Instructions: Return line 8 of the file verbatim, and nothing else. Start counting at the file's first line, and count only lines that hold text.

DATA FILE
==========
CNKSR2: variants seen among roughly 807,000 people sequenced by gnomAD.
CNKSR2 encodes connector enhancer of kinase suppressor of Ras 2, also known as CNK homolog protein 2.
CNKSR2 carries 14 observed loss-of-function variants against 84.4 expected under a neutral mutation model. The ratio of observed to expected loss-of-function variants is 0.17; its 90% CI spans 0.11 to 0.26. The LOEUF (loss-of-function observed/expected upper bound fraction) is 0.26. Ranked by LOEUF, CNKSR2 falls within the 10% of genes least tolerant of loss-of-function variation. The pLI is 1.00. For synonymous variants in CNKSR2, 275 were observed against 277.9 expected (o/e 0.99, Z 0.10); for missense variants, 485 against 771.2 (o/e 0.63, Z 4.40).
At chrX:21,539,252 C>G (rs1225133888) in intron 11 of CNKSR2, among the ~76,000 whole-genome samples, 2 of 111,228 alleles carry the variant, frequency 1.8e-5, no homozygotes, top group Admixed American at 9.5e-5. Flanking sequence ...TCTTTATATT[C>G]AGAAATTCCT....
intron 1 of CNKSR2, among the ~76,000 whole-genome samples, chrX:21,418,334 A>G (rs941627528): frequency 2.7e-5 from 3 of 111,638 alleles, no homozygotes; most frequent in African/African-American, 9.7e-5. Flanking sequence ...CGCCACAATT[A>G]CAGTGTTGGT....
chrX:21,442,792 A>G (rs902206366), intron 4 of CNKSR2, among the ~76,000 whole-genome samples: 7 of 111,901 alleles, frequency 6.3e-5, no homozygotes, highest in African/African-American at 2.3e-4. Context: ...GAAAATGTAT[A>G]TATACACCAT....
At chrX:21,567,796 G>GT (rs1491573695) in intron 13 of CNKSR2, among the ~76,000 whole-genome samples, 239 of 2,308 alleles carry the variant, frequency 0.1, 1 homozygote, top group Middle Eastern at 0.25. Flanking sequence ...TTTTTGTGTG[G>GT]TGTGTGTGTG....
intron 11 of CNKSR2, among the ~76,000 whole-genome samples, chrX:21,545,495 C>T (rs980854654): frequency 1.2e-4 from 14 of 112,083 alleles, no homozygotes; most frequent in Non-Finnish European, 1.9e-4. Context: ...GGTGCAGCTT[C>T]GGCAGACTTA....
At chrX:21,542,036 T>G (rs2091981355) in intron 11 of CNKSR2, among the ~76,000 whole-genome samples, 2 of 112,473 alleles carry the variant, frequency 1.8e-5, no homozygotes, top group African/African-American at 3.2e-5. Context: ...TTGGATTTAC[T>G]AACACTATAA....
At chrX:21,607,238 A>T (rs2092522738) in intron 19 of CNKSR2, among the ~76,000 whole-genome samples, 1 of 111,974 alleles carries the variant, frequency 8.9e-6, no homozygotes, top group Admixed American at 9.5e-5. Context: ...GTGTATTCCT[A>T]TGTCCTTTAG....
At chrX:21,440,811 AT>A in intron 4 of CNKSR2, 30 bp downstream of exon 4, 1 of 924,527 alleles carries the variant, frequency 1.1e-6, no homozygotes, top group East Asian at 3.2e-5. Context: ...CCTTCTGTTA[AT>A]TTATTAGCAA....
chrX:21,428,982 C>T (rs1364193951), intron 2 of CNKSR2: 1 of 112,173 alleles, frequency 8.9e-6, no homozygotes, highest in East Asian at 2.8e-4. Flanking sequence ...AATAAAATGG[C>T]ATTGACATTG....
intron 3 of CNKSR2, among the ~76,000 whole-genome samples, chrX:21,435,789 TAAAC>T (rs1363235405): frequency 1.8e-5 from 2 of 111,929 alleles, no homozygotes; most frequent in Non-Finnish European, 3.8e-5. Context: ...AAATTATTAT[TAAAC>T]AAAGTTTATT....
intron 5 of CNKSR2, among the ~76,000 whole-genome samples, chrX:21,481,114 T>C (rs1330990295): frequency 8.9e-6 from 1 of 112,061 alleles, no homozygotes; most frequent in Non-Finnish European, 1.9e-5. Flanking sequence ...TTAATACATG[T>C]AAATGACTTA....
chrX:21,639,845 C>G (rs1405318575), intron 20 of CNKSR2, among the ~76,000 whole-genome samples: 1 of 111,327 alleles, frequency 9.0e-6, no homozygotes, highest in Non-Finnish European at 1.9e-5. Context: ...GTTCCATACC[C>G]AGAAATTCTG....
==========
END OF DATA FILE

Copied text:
intron 11 of CNKSR2, among the ~76,000 whole-genome samples, chrX:21,545,495 C>T (rs980854654): frequency 1.2e-4 from 14 of 112,083 alleles, no homozygotes; most frequent in Non-Finnish European, 1.9e-4. Context: ...GGTGCAGCTT[C>T]GGCAGACTTA....